I found an amusing story titled “Lobster salad, but a key ingredient was missing” in today’s (August 11）New York Times NY/Region section.
The article reports that Zabar’s, the famous grocery in Upper West Side, have being selling “lobster salad” at $16.95 per pound for years. The only inconvenience being that the main ingredient is crawfish, the salad itself doesn’t contain a single bit of lobster meat. It has long been a very popular grocery item with New Yorkers.
When the secret was betrayed by a reporter of The Times-Picayune of New Orleans, the news spread quickly to local newspapers. Saul Zabar, the 83-year-old president, insisted that selling lobsterless lobster salad was not dishonest at all, citing the case of a Japanese version of crab meat using pollock as the base, widely sold in Japan under the category name of “Crabmeat Resembling,” – which caught my eye on this particular topic.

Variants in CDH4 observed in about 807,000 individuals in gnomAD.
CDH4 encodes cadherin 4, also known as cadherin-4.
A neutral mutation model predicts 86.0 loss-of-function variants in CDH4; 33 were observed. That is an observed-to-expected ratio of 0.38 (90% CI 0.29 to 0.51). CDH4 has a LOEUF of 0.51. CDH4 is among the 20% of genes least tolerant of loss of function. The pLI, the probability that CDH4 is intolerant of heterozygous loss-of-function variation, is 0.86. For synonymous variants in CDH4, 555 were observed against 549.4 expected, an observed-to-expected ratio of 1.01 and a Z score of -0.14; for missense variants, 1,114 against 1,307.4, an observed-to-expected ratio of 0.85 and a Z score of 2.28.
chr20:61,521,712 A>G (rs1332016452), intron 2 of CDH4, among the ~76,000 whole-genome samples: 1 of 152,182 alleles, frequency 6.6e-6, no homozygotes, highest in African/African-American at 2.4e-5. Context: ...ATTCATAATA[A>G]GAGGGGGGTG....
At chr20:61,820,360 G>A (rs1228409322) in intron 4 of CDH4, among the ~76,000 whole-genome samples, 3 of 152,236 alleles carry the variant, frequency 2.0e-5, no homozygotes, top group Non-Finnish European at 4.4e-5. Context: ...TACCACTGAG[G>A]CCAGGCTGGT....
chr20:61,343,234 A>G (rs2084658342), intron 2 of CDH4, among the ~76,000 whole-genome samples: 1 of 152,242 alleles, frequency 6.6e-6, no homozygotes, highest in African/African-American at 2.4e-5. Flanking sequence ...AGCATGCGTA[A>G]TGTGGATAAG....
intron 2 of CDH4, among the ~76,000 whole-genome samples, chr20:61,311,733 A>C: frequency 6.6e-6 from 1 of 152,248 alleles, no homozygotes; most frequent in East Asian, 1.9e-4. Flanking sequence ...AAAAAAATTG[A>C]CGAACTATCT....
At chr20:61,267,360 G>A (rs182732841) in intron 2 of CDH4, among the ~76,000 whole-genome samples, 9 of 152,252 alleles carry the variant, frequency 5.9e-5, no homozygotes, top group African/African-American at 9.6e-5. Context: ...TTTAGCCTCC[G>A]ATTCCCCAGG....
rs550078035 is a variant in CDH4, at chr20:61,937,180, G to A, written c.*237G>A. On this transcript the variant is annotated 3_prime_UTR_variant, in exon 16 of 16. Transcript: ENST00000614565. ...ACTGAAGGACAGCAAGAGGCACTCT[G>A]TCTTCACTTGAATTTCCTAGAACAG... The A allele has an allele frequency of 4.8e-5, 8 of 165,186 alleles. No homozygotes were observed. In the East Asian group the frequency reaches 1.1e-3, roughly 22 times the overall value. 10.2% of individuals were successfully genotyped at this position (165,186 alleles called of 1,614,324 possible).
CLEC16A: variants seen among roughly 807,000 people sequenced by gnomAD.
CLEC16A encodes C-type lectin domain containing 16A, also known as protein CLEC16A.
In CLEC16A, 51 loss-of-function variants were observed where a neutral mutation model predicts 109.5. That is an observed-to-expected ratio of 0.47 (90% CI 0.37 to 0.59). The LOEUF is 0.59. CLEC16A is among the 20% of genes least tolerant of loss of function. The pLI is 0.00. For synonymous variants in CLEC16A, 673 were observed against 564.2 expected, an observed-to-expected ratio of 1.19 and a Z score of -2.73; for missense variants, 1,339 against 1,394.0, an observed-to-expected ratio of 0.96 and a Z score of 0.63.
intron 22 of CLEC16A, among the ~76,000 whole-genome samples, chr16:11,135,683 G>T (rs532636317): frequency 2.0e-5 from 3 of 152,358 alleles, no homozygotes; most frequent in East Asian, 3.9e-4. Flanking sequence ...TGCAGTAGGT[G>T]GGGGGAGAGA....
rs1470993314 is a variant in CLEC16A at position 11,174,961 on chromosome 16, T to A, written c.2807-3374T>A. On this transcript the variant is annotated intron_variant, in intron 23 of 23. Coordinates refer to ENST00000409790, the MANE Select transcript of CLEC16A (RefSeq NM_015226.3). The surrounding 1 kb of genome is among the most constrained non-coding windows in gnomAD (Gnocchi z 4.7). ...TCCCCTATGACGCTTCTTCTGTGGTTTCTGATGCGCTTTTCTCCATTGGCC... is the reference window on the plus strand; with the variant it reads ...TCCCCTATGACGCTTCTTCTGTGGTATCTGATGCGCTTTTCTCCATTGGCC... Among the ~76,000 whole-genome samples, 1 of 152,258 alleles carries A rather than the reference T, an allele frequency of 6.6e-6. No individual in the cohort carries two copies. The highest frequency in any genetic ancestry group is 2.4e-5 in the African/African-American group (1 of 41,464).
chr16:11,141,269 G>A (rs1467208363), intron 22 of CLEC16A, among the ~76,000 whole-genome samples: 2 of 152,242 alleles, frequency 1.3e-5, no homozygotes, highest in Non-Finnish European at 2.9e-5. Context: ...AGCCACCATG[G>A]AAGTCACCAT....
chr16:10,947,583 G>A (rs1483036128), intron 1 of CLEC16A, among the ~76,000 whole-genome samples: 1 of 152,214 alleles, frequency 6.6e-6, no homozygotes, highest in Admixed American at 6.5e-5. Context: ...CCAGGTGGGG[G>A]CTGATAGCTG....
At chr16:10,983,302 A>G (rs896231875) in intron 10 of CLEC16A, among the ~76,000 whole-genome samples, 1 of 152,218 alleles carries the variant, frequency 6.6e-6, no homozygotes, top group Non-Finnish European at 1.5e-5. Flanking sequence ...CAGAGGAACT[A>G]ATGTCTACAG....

Cutting to the chase, the following phrase caught my attention, “We didn’t think that we were doing anything that was not completely up and up,” in the following remark of Mr. Zabar:
“But by then Mr. Zabar had had enough. “We really didn’t think that we were doing anything that was not completely up and up,” he said, “but there was an element that might be confusing, and with all this stuff going on, I decided now’s the time to clarify.”
Eventually he changed the name of the product.
What does “completely up and up” mean? Is this a common, colloquial phrase?